Debate between Brian Bilbray, Scott Peters gets heated

Bilbray, Peters vying for 52nd Congressional Dist.

SAN DIEGO - One of the most expensive and hotly contested races in the country heated up on Friday.

National super PACs have poured millions of dollars – mostly as negative ads – into the 52nd Congressional District race and the candidates' debate at the 10News studio illustrated just how high the stakes are.

"If he cannot cross the aisle while he's a port commissioner, how is he going to do it as a congressman?" asked Republican Rep. Brian Bilbray, going after Democrat Scott Peters. 

The 52nd District, which was once considered safely Republican, has been redrawn and is now basically equal parts Republican, Democrat and independent.

Bilbray, who currently represents the 50th District, finds himself in a tight race against Port Commissioner and former San Diego City Councilman Peters.

"I have support across the political spectrum that he can't claim," Peters said.

The debate became lively during a question about Peter's city council tenure during the city's pension crisis.

"The fact is Mr. Peters is going to go down in history as the 'Madoff' of the city of San Diego and the voters by a 2-to-1 vote had to vote to reverse the mess that he created," said Bilbray. "Question is, if he goes to Washington, he does the same thing to Social Security and Medicare, the voters won't have the ability to go back and clean up the mess."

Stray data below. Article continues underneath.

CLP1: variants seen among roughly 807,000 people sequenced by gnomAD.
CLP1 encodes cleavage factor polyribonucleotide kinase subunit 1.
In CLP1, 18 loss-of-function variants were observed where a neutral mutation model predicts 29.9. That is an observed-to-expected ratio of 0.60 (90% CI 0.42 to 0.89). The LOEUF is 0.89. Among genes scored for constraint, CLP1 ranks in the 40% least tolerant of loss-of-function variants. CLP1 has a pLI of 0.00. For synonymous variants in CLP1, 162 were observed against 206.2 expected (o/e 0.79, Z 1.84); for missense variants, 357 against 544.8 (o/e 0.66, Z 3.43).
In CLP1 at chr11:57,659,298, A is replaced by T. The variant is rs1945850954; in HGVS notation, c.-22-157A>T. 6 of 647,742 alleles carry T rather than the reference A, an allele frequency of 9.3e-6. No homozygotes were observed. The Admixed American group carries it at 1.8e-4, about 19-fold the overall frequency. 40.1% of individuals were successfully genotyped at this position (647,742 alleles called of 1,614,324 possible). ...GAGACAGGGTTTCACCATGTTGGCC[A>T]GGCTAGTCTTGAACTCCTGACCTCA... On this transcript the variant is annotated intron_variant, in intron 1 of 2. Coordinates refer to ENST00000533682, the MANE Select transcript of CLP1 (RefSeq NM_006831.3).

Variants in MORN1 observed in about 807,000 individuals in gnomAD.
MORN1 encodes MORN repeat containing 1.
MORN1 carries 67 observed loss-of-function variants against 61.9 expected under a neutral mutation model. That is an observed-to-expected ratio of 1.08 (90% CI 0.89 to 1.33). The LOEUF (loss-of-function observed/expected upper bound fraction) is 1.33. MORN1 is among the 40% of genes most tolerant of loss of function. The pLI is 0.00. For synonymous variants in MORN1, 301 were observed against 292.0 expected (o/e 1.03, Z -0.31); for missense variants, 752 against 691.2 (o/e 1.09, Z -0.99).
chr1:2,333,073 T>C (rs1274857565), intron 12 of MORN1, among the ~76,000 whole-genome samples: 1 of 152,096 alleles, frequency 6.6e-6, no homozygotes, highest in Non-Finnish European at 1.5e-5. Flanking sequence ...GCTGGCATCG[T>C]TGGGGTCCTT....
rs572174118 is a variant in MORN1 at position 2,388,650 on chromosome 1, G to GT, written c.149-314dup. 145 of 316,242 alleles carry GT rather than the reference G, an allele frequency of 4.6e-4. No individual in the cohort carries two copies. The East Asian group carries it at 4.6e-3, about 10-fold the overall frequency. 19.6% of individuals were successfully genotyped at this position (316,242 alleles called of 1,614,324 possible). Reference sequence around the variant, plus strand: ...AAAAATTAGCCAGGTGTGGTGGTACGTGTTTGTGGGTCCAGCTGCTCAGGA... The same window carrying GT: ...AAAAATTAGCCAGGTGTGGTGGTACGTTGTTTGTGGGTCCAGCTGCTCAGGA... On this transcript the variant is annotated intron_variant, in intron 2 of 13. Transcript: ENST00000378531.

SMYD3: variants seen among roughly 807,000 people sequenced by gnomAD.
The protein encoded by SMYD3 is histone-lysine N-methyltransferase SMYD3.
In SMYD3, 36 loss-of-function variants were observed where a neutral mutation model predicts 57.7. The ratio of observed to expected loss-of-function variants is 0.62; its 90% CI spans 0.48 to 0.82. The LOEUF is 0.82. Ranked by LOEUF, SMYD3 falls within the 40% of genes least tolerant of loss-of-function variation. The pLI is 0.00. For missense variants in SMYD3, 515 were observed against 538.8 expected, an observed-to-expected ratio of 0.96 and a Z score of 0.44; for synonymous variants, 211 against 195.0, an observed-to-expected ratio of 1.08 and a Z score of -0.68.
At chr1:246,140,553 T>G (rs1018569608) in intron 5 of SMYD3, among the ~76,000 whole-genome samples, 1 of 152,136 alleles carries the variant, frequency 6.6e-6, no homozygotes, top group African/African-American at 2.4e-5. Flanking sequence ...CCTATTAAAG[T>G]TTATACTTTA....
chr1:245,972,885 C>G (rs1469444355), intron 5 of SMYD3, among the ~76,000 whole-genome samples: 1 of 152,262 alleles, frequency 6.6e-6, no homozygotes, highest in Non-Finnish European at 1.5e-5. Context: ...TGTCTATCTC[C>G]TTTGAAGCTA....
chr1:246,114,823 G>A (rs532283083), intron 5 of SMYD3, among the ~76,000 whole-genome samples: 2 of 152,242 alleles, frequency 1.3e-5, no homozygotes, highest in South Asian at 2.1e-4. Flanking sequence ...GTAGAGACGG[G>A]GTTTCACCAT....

Peters responded, "Well, that's just totally inaccurate. You know the city of San Diego had three decades of bad pension practices and while I did make a bad vote early in my career before I was council president, we're the council that worked to end that… end those practices. We made pension underfunding illegal."

National super PACS have injected more than $4 million into the race. That is roughly $2 million each in negative ads.

The race is expected to stay heated until the end.  

"He was the leader who led the city to that precipice that created the Enron by the sea," said Bilbray, who was referring to Peters.

"We're represented by a senior member of the majority party who seems to think that things are going fine. Well, I don't," said Peters, who was talking about Bilbray.

To put things in perspective, while the super PACs are spending millions of dollars on this race, each candidate has spent hundreds of thousands.

The full debate will air on Monday, Oct. 22 at 9:30 p.m. on ABC10.

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